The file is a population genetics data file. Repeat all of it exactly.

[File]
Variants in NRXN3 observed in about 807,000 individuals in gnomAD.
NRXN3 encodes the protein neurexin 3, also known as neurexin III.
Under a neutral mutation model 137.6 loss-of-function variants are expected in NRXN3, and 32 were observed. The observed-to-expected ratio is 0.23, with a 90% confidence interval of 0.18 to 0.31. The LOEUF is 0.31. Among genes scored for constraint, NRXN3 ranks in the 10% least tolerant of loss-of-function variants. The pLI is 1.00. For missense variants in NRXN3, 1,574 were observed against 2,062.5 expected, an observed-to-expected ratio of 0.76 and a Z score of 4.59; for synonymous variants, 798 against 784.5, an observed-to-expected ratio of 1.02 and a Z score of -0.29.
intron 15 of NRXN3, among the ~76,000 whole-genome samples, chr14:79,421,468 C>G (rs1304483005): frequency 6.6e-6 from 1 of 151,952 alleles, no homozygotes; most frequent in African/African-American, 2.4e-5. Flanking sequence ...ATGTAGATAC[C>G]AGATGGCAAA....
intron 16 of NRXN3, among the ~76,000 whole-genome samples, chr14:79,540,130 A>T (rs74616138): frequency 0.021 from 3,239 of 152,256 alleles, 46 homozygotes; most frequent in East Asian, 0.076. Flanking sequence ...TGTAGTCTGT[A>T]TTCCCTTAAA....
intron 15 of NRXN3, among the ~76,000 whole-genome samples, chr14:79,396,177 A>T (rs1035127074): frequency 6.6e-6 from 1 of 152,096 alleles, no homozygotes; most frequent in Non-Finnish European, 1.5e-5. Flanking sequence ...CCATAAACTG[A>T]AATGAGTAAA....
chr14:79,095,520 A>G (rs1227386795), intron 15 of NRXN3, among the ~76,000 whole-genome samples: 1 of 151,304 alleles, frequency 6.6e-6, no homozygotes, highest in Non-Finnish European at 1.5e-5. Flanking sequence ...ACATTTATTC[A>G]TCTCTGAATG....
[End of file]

Variants in NRXN3 observed in about 807,000 individuals in gnomAD.
NRXN3 encodes the protein neurexin 3, also known as neurexin III.
Under a neutral mutation model 137.6 loss-of-function variants are expected in NRXN3, and 32 were observed. The observed-to-expected ratio is 0.23, with a 90% confidence interval of 0.18 to 0.31. The LOEUF is 0.31. Among genes scored for constraint, NRXN3 ranks in the 10% least tolerant of loss-of-function variants. The pLI is 1.00. For missense variants in NRXN3, 1,574 were observed against 2,062.5 expected, an observed-to-expected ratio of 0.76 and a Z score of 4.59; for synonymous variants, 798 against 784.5, an observed-to-expected ratio of 1.02 and a Z score of -0.29.
intron 15 of NRXN3, among the ~76,000 whole-genome samples, chr14:79,421,468 C>G (rs1304483005): frequency 6.6e-6 from 1 of 151,952 alleles, no homozygotes; most frequent in African/African-American, 2.4e-5. Flanking sequence ...ATGTAGATAC[C>G]AGATGGCAAA....
intron 16 of NRXN3, among the ~76,000 whole-genome samples, chr14:79,540,130 A>T (rs74616138): frequency 0.021 from 3,239 of 152,256 alleles, 46 homozygotes; most frequent in East Asian, 0.076. Flanking sequence ...TGTAGTCTGT[A>T]TTCCCTTAAA....
intron 15 of NRXN3, among the ~76,000 whole-genome samples, chr14:79,396,177 A>T (rs1035127074): frequency 6.6e-6 from 1 of 152,096 alleles, no homozygotes; most frequent in Non-Finnish European, 1.5e-5. Flanking sequence ...CCATAAACTG[A>T]AATGAGTAAA....
chr14:79,095,520 A>G (rs1227386795), intron 15 of NRXN3, among the ~76,000 whole-genome samples: 1 of 151,304 alleles, frequency 6.6e-6, no homozygotes, highest in Non-Finnish European at 1.5e-5. Flanking sequence ...ACATTTATTC[A>G]TCTCTGAATG....